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Drowning in Data? Machine Learning Can Navigate the IoT
Will machine learning tame big data?The promise of big data is that it can be leveraged for big solutions across any industry. But Internet-connected devices capture so much data that we are virtually drowning -- unable to cull the actionable insights we're seeking. Can machine learning algorithms help us tame our data ocean?
The promise of big data is that it can be leveraged for big solutions across any industry. But Internet-connected devices capture so much data that we are virtually drowning—unable to cull the actionable insights we’re seeking. Can machine learning algorithms help us tame our data ocean?
The IoT was the First Data Wave
Most IT geeks are saying machine learning will evolve beyond the lab this year to take data found in the IoT and turn it into actionable insight. But what really is “machine learning?” For that matter, what is the IoT?
In non-geek terms, the Internet of Things (IoT) is the plethora of digitally connected devices lurking all around us. These devices, from your smartphone to the chip in your refrigerator, collect data and send it in a never-ending stream through the cloud to be sliced and analyzed.
The IoT captures an astonishing flow of information, but most companies haven’t been able to embrace the promise of big data analytics. The big data we’re processing today deals mainly with Internet usage trends like online shopping or social media usage. We’ve been using tools like Hadoop cloud computing to tame IoT’s big data cloud.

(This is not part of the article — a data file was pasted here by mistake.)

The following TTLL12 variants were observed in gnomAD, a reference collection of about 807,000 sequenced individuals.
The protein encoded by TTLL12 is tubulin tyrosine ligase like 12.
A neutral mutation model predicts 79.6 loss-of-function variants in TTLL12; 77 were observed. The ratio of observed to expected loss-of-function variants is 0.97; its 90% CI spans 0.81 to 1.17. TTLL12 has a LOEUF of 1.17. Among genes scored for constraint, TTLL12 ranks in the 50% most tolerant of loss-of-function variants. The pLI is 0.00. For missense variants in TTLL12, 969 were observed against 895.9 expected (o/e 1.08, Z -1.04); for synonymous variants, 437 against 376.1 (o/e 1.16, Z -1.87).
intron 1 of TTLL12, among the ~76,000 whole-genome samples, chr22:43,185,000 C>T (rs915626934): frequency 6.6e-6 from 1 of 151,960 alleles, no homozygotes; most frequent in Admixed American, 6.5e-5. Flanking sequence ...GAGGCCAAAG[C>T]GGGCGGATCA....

But machine learning is about to take over. It has to - because the latest round of IoT devices will demand it.
Coming to a Smart City Near You - Machine Learning
Big data has pushed the IT community to come up with better, faster ways to store and process information. Enter machine learning, the next evolution in computing.
Machine learning is computer science steeped in artificial intelligence. While it may sound like sci-fi, really, it’s just coding. Machine learning is based on statistics, data mining and predictive analytics. In fact, the machines are programmed with faster algorithms that evolve their “intelligence” based upon external interactions and the processing of real-time data.
Of course the most intelligent of machine learning tools is IBM Watson. But we also have chatbots like Alexa that can do everything from reading your horoscope to calling you a cab - and we’re just getting started.
Part of the purpose behind machine learning is that platforms such as Google DeepMind were designed to process IoT data - and we’re not talking about how many cat videos were posted last week.
Most believe machine learning will be effective in processing the continuous flow of information that will come from smart cities, autonomous vehicles, and built in home sensors that make up the second wave of big data expected by 2024. The sheer volume of sensor-driven data found in a single smart city will require larger processing capacity; it is anticipated that 50 billion IoT sensors will be working by 2020.
Machine learning systems have larger, faster architectures able to handle the big data that’s coming in our direction in the next few years. They can run computations and learn normal patterns for data on IoT networks, then focus in on any disruptions. Without machine learning, it’s safe to say that big data will be a big flop; there is simply no other answer for the massive river of data that is heading our way soon.